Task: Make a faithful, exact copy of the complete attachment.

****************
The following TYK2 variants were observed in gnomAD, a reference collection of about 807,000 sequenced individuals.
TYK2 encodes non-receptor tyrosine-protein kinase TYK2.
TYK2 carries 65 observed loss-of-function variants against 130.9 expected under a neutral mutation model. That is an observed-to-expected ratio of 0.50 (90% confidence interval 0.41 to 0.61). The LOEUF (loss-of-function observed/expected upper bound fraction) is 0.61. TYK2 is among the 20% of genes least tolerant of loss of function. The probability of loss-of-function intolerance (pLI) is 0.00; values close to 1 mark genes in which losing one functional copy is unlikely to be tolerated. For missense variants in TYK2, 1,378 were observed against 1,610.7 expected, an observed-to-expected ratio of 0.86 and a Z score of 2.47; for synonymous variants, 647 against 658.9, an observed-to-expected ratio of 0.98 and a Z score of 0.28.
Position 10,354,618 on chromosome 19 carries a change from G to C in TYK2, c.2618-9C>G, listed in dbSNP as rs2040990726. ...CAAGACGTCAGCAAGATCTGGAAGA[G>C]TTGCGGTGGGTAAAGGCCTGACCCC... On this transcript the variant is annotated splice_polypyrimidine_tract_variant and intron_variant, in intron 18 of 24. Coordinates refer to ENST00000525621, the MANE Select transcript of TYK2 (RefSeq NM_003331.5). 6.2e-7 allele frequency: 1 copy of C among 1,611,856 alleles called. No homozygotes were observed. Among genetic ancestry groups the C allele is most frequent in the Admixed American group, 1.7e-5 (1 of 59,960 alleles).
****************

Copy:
The following TYK2 variants were observed in gnomAD, a reference collection of about 807,000 sequenced individuals.
TYK2 encodes non-receptor tyrosine-protein kinase TYK2.
TYK2 carries 65 observed loss-of-function variants against 130.9 expected under a neutral mutation model. That is an observed-to-expected ratio of 0.50 (90% confidence interval 0.41 to 0.61). The LOEUF (loss-of-function observed/expected upper bound fraction) is 0.61. TYK2 is among the 20% of genes least tolerant of loss of function. The probability of loss-of-function intolerance (pLI) is 0.00; values close to 1 mark genes in which losing one functional copy is unlikely to be tolerated. For missense variants in TYK2, 1,378 were observed against 1,610.7 expected, an observed-to-expected ratio of 0.86 and a Z score of 2.47; for synonymous variants, 647 against 658.9, an observed-to-expected ratio of 0.98 and a Z score of 0.28.
Position 10,354,618 on chromosome 19 carries a change from G to C in TYK2, c.2618-9C>G, listed in dbSNP as rs2040990726. ...CAAGACGTCAGCAAGATCTGGAAGA[G>C]TTGCGGTGGGTAAAGGCCTGACCCC... On this transcript the variant is annotated splice_polypyrimidine_tract_variant and intron_variant, in intron 18 of 24. Coordinates refer to ENST00000525621, the MANE Select transcript of TYK2 (RefSeq NM_003331.5). 6.2e-7 allele frequency: 1 copy of C among 1,611,856 alleles called. No homozygotes were observed. Among genetic ancestry groups the C allele is most frequent in the Admixed American group, 1.7e-5 (1 of 59,960 alleles).